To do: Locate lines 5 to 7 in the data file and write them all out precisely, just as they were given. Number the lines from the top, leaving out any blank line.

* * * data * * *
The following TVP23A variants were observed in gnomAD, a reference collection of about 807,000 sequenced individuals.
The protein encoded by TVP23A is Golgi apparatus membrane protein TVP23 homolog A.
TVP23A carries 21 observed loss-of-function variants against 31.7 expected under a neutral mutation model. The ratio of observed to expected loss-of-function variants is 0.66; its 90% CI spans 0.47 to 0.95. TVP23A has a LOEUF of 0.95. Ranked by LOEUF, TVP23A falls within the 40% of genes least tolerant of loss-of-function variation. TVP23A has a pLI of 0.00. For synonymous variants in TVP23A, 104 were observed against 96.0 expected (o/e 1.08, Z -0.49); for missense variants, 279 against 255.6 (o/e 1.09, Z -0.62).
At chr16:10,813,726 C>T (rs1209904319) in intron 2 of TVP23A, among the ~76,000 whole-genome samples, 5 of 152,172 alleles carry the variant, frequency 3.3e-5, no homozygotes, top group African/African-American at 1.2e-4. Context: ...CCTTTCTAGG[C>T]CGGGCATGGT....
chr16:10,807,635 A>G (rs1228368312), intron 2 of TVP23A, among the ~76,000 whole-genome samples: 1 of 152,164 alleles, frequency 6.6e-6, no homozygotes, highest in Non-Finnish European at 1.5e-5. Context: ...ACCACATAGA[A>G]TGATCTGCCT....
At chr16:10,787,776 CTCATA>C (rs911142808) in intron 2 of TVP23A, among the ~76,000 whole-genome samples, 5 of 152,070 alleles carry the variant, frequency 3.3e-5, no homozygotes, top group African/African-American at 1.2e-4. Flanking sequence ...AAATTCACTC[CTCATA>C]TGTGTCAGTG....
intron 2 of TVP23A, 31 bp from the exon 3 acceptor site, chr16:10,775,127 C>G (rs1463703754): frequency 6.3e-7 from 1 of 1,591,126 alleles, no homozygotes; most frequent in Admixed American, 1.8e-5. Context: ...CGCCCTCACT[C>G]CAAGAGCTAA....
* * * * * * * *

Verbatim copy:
chr16:10,807,635 A>G (rs1228368312), intron 2 of TVP23A, among the ~76,000 whole-genome samples: 1 of 152,164 alleles, frequency 6.6e-6, no homozygotes, highest in Non-Finnish European at 1.5e-5. Context: ...ACCACATAGA[A>G]TGATCTGCCT....
At chr16:10,787,776 CTCATA>C (rs911142808) in intron 2 of TVP23A, among the ~76,000 whole-genome samples, 5 of 152,070 alleles carry the variant, frequency 3.3e-5, no homozygotes, top group African/African-American at 1.2e-4. Flanking sequence ...AAATTCACTC[CTCATA>C]TGTGTCAGTG....
intron 2 of TVP23A, 31 bp from the exon 3 acceptor site, chr16:10,775,127 C>G (rs1463703754): frequency 6.3e-7 from 1 of 1,591,126 alleles, no homozygotes; most frequent in Admixed American, 1.8e-5. Context: ...CGCCCTCACT[C>G]CAAGAGCTAA....